The William Weaver familiar to generations of readers as the translator, quick and sure, of the best of postwar Italian writing was once the aspiring (and rejected) novelist William Fense Weaver, who along the way created this wonderful short work, first published in Italy (in the journal Botteghe Oscure) in 1950, and now happily issued as a book. In the fictive form of a diary written on the spot, "A Tent in This World" chronicles six weeks in the autumn of 1947 when Bill, 24 years old, comes back to Naples, revisits the scenes that had most vividly impressed themselves on his young mind when he was a volunteer ambulance driver in the city three and a half years earlier, renews and strengthens his connections with the Fabbri family, particularly his friend and contemporary Luigi, and once more leaves the city, this time for Rome and new literary connections.... There is never really any doubt, however, about the outcome, for the diary itself is so attentive, so receptive, so free of nostalgia and sentimentality, that the readers feels instinctively supportive of its narrator. Bill has unlimited curiosity, he is stimulated throughout, and what his journal conveys is how it feels to be young and alive and alert. It is because of William Fense Weaver's tactfulness and skill that all this is achieved without pretension or self-dramatization, and in a way that gives extraordinary pleasure.
-- New York Times Book Review, 6/6/99
Renowned translator Weaver's long-ignored novella, first published in 1950 in the literary journal Botteghe Oscure, blends reminiscence with regret as it offers a closeup of a sensitive young man's growing pains during the years following WWII. Bill returns to Naples in 1947 to visit Luigi, a friend from his days as an ambulance driver in and around the city during the war. He meets several intriguing characters through Luigi: Rina, who flirts with Bill, with Luigi and with insanity; Cesare, Luigi's younger brother, living recklessly on the island of Capri; and the impetuous and irascible Signora Fabbri, Luigi's mother, who rules her household with an excess of concern. Several pleasant but unconnected events nostalgic sightseeing jaunts, a trip to Capri, a harmless dalliance with Rina amuse Bill, but ultimately it is the act of writing letters home that provokes in him the self-questioning necessary for personal change. Having outgrown his soldier's uniform, Bill no longer recognizes his identity or his life's purpose. He leaves Naples at the story's end altered both from within and from without a response to historical progress and to his inevitable abandonment of youthful aimlessness. Astute observations about the nature of language, tourism, alienation and culture lace the novel and offer a rough and early map of the approach taken by one of the great American translators of 20th-century Italian novelists. Charming and intelligent, Weaver's unrevised novella comes to our shores as a late but very welcome guest.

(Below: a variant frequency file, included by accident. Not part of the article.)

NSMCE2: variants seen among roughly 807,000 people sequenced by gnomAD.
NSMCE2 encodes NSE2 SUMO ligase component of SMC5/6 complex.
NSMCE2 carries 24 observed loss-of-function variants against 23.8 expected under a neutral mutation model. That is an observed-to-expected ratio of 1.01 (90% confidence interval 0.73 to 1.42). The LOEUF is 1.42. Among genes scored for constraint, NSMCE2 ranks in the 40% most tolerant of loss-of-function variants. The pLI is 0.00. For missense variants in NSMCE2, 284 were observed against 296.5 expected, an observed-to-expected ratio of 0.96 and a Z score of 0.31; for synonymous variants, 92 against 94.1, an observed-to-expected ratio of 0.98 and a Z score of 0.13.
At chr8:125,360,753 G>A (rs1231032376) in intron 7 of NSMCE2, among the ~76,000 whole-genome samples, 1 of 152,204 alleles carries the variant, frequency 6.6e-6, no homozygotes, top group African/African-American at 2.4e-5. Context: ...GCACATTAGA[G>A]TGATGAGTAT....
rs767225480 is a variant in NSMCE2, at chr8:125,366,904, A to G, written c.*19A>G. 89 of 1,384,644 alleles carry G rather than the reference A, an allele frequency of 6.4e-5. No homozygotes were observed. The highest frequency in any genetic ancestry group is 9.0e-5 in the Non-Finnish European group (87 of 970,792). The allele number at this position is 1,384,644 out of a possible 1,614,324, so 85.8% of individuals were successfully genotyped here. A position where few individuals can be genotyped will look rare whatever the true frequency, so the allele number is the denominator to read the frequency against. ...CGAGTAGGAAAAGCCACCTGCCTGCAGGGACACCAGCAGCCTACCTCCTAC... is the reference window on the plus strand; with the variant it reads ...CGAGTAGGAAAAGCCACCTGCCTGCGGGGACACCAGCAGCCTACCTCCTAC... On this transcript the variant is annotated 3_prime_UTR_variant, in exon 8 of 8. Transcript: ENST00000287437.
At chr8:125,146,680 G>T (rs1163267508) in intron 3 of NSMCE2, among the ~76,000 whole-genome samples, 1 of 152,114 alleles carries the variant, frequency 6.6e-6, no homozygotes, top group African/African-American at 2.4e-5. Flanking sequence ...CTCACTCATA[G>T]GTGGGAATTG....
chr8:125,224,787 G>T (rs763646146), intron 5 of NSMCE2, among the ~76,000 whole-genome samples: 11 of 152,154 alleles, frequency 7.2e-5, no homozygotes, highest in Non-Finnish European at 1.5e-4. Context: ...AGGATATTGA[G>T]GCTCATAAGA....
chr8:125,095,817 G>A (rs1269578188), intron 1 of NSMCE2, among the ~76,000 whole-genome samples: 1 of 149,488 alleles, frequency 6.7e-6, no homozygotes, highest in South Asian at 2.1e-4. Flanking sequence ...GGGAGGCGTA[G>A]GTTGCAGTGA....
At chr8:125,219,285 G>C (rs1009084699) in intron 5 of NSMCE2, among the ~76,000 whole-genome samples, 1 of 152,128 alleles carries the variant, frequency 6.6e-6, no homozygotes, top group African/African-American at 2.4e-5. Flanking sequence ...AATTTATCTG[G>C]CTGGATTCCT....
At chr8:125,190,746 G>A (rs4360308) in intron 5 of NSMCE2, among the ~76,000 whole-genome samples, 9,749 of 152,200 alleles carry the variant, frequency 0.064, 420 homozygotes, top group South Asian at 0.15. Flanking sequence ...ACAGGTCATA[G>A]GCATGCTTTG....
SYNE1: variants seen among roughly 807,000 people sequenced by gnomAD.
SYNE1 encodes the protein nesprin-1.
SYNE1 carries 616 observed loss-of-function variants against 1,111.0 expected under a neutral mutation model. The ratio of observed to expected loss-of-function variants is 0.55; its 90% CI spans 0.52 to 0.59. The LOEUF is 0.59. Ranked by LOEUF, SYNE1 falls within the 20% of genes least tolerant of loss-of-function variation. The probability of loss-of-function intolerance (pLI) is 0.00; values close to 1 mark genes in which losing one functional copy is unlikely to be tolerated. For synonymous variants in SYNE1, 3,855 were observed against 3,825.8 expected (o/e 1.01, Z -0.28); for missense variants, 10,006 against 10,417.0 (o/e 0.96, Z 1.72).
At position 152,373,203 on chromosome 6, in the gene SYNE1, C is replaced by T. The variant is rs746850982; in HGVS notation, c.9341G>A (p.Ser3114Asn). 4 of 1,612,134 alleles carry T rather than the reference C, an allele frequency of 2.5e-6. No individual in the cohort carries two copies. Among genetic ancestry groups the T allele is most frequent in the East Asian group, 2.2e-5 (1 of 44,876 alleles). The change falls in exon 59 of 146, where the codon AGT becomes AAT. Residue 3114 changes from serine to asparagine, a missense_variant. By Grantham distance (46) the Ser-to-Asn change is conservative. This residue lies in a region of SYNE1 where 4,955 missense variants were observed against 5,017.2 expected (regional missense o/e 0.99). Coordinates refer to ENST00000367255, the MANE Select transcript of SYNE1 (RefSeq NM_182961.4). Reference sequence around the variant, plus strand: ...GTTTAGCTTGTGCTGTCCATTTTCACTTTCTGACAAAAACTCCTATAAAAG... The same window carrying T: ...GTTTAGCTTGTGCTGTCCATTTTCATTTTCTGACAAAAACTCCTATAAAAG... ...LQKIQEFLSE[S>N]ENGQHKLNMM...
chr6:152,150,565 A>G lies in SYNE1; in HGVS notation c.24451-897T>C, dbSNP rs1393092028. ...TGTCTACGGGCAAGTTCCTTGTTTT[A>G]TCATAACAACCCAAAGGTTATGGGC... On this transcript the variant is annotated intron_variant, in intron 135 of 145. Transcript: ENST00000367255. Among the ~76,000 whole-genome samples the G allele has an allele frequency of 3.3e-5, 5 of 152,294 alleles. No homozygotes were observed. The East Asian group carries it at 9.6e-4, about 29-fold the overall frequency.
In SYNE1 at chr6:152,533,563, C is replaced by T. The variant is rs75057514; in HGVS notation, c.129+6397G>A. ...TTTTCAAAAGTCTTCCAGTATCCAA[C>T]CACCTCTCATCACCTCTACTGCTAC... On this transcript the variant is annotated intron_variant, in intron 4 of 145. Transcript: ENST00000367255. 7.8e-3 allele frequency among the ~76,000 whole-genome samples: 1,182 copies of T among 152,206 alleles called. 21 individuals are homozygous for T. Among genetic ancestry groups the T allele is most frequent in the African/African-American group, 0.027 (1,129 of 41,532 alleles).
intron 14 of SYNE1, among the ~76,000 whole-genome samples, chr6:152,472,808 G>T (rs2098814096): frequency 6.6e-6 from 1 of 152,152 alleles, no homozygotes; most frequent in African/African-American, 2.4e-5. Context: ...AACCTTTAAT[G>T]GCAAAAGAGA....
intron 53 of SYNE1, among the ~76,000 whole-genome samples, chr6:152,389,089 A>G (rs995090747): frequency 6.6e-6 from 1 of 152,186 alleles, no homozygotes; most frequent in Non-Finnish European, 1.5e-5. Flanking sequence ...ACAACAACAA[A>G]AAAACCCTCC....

-- Publishers Weekly, 3/15/99
Now, with "A Tent in This World," a charming, disarming autobiographical novella, the Virginia-born author [famous for his translations] shows he has a way with words of his own.... For the actual or armchair voyager and especially for those acquainted with the irresistible lure of Italy, "A Tent in This World," has much to recommend it -- including reason to hope Weaver will write more books -- in his own words.
The Virginian-Pilot, 6/6/99